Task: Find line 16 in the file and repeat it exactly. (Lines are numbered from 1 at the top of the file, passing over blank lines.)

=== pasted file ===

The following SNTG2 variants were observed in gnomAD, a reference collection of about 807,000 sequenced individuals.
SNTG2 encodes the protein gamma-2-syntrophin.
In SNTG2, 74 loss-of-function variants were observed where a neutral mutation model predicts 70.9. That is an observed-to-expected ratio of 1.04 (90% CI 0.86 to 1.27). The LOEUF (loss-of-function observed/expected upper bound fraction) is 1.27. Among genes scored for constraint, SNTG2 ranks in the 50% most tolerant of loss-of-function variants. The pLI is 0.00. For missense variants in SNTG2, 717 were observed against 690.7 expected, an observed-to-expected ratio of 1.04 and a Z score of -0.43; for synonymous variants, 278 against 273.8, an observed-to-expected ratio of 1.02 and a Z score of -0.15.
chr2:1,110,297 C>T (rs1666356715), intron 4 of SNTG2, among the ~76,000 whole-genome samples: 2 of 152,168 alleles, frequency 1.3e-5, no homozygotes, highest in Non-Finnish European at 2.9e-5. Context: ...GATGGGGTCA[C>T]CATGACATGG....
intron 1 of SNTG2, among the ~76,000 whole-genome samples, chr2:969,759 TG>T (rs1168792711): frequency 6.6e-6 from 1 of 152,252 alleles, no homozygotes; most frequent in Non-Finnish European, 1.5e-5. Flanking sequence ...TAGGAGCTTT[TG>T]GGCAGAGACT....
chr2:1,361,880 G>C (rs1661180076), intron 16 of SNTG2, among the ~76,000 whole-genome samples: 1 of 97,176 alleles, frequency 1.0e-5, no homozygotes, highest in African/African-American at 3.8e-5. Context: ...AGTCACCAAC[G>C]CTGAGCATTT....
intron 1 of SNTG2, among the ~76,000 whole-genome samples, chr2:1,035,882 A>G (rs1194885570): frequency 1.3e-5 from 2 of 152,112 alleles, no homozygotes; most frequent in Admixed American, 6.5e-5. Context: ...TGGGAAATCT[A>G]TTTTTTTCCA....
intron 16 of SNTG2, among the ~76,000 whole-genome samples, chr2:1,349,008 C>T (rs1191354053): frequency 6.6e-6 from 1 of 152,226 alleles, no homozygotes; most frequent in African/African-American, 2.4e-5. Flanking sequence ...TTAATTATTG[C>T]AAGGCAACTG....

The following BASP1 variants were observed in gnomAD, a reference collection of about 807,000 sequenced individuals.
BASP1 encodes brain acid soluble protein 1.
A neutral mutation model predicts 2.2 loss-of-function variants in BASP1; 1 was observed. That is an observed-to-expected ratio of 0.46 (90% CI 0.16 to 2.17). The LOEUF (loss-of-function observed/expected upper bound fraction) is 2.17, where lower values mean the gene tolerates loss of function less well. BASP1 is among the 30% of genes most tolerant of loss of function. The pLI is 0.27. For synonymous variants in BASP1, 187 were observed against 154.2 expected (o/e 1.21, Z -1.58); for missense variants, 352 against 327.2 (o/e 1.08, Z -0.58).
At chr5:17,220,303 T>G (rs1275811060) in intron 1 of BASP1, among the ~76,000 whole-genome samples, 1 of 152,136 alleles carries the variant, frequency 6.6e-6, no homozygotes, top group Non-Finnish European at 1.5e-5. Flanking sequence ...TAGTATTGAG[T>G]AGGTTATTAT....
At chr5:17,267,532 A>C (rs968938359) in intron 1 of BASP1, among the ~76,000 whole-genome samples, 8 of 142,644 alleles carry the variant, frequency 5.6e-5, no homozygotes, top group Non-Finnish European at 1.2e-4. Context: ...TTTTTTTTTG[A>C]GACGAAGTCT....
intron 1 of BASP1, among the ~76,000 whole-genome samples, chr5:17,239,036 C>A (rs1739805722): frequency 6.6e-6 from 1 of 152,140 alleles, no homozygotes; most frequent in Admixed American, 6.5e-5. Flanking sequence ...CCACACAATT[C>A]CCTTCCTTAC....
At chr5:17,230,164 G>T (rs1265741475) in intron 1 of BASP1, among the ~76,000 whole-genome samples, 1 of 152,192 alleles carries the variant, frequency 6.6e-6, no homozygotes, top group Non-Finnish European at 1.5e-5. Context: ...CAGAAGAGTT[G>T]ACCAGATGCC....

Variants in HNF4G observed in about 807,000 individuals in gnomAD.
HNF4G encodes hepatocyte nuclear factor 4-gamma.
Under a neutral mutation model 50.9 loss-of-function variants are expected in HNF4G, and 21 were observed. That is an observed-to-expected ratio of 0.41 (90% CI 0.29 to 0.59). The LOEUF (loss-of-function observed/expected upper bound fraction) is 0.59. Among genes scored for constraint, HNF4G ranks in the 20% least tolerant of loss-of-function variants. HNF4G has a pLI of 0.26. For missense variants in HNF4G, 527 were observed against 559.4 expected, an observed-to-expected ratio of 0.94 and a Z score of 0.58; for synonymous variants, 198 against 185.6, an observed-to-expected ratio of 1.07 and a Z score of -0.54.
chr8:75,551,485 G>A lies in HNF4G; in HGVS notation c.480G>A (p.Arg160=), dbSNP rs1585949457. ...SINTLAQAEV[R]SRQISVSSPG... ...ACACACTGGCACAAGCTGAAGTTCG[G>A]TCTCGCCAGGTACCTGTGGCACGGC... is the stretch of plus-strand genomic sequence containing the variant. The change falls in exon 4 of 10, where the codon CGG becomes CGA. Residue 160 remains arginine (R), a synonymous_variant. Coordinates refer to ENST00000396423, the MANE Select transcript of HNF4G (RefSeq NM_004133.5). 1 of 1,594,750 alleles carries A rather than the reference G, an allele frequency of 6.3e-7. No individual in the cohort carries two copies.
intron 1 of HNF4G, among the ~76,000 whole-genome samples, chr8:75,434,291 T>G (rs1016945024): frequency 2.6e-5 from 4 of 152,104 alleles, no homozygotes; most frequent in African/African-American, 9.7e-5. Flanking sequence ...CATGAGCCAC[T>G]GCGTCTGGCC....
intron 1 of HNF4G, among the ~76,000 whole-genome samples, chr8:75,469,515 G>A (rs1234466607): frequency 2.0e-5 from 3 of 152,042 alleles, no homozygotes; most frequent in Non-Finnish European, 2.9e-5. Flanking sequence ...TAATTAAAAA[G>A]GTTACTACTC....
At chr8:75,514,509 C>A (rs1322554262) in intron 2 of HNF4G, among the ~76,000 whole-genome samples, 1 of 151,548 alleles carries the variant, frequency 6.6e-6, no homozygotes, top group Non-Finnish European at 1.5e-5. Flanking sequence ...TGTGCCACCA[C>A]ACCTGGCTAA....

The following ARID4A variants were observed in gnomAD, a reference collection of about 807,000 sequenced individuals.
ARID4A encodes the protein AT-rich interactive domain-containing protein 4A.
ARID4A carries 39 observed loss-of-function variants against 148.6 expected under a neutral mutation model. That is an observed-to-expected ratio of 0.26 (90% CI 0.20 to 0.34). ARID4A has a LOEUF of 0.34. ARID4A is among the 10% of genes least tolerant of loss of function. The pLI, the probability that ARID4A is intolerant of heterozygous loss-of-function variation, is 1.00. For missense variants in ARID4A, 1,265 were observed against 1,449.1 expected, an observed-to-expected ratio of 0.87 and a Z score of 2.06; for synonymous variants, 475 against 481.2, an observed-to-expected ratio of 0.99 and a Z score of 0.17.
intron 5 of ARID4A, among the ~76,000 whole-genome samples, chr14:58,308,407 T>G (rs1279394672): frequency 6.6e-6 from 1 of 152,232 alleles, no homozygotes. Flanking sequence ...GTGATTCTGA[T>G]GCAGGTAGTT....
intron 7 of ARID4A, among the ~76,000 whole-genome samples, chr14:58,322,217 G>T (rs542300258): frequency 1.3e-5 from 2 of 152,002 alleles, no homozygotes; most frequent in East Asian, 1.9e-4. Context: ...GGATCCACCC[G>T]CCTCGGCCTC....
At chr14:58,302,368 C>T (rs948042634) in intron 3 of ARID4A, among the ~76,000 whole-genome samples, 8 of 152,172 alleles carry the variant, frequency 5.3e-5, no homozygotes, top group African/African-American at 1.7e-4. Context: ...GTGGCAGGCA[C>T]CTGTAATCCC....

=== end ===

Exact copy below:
Variants in HNF4G observed in about 807,000 individuals in gnomAD.